According to business data tracker Qichacha, Tencent, a Chinese technology conglomerate has filed a patent application with the Chinese National Intellectual Property Administration for a virtual concert (CNIPA).
In November, the People’s Bank of China (PBoC) issued a strong statement condemning the Metaverse and non fungible tokens (NFTs), indicating that it will monitor them using anti-money laundering technologies. According to a report by Chinese news outlet The Paper, over a thousand Chinese enterprises have filed over 16,000 trademark applications relating to the metaverse.
Despite the warnings, Tencent, the Chinese multinational technology and video-game giant, has been driving China’s charge into the Metaverse. People at Tencent sent an internal memo about the development of a new “F1” studio under TiMi Studios in October last year, the South China Morning Post says. The new studio would have employees from China, the United States and Canada as well as Singapore.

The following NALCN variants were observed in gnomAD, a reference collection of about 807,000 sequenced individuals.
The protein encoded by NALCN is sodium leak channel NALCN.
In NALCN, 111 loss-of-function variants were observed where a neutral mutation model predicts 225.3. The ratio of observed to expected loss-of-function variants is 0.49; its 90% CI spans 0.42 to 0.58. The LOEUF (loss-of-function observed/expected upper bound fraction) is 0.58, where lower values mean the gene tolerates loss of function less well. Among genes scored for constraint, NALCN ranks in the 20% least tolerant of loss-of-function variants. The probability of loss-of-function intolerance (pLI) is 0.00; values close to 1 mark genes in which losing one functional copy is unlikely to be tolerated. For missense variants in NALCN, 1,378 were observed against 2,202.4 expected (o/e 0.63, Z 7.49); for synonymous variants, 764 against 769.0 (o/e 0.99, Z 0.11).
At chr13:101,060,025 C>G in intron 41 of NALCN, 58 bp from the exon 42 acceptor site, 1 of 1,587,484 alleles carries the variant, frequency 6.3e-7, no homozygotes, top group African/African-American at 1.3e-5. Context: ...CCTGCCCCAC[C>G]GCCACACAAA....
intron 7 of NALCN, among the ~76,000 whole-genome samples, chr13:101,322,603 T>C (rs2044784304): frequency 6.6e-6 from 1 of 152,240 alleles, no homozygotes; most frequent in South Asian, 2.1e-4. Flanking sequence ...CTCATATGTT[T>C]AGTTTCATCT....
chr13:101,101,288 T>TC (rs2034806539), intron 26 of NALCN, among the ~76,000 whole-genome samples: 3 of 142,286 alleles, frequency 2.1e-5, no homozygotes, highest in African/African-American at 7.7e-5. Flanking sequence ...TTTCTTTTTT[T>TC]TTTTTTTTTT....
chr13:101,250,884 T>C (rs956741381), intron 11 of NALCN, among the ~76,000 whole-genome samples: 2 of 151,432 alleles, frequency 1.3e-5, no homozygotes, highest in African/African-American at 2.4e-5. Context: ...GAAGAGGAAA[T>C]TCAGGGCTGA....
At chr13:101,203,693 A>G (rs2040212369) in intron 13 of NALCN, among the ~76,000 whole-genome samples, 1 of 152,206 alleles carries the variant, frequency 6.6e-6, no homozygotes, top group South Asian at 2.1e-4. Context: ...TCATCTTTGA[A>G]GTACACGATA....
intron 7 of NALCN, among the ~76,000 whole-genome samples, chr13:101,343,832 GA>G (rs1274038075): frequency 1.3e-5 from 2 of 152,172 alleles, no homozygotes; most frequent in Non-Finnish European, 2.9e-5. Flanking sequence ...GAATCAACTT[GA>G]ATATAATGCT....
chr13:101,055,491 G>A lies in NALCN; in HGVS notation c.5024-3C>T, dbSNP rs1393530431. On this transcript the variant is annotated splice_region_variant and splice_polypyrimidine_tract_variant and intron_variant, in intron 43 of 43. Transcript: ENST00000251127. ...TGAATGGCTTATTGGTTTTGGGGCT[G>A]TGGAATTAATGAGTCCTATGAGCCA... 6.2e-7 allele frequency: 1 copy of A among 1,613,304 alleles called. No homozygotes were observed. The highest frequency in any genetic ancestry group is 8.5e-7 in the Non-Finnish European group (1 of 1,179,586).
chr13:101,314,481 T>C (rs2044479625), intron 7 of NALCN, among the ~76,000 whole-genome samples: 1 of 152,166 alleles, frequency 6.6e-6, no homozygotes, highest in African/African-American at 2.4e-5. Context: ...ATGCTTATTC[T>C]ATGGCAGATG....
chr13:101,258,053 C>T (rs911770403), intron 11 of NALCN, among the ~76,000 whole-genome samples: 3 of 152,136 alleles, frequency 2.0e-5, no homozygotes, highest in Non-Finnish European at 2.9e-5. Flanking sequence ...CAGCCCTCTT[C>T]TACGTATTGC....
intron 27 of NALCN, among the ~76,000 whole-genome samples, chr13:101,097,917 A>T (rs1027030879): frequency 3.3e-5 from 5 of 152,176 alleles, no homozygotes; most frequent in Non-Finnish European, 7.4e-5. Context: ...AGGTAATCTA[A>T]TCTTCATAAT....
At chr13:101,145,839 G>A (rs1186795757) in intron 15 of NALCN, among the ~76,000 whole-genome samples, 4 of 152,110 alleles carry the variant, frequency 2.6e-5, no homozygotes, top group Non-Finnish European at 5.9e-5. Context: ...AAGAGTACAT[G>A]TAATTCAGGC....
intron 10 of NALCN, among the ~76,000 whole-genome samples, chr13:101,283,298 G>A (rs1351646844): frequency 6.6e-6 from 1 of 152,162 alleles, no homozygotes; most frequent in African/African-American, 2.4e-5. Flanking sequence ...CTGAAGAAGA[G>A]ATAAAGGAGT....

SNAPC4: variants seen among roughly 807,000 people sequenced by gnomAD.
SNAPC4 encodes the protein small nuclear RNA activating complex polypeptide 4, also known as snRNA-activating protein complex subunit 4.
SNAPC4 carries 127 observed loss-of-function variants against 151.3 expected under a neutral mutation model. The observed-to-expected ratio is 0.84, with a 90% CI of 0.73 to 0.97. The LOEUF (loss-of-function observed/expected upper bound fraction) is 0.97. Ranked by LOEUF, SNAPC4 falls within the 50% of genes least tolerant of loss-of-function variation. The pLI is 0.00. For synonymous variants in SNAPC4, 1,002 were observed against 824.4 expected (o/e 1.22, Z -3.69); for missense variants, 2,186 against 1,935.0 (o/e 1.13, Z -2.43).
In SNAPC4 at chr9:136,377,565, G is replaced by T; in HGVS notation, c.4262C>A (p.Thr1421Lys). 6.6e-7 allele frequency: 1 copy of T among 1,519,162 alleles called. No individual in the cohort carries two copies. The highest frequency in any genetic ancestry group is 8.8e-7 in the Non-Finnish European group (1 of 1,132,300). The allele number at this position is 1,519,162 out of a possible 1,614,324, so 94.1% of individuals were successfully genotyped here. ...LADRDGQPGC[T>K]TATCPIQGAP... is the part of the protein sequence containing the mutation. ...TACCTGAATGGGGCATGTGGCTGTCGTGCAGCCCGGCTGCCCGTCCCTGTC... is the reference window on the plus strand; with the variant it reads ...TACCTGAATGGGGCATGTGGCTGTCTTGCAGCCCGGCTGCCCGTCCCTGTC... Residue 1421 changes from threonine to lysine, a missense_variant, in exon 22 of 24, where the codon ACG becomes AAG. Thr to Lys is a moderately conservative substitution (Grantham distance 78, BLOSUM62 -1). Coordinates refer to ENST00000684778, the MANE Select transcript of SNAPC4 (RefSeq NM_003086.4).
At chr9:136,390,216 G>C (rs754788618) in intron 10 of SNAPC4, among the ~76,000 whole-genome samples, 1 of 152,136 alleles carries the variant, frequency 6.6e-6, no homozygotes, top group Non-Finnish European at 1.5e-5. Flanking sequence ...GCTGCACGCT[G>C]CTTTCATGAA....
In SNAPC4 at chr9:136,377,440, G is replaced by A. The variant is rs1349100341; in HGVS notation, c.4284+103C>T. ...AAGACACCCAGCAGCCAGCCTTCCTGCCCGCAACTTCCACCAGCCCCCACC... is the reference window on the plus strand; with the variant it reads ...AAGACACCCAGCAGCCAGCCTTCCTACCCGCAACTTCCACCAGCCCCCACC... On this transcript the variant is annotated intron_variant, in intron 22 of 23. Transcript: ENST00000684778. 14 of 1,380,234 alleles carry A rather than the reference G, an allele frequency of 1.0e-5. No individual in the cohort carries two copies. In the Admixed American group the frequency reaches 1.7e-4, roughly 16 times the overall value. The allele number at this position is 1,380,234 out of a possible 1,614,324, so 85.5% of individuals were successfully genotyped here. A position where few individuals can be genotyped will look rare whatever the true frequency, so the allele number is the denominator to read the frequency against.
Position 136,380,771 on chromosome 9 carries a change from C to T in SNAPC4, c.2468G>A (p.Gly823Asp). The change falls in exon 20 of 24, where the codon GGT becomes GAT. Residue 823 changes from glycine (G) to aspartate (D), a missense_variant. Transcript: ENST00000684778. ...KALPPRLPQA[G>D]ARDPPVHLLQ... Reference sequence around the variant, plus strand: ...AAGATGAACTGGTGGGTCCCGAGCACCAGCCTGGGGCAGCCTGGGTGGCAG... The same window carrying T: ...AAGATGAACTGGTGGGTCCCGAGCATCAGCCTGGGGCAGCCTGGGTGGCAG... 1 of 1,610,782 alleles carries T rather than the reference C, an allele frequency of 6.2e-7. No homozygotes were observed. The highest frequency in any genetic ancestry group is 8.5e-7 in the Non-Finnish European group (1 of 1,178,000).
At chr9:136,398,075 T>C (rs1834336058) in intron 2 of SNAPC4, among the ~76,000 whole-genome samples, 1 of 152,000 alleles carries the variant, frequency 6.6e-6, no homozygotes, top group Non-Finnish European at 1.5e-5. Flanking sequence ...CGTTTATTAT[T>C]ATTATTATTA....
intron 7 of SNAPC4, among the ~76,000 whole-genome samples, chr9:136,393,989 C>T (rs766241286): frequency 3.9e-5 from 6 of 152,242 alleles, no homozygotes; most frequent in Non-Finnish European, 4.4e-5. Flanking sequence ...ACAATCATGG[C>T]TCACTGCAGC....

Last December 31, Tencent hosted China’s first virtual concert in the Metaverse, a New Year’s celebration named TMELAND, which drew over 1.1 million people throughout the course of the festival. Tencent has also bought Wave, a Los Angeles-based animated concert startup that uses motion-capture technology to make virtual performances that are as real as possible.
Wave concerts had previously been extremely successful, and their popularity expanded throughout the pandemic as a new method for singers to interact with audiences. In August of last year, The Weeknd utilised Wave services to broadcast a virtual concert live on TikTok, which attracted roughly 2 million people worldwide and donated $350,000 to the Equal Justice Initiative.
“Regulation should be urged to come before innovation,” People’s Daily said on December 9. This is an official newspaper of China’s Communist Party and it warned people about the Metaverse.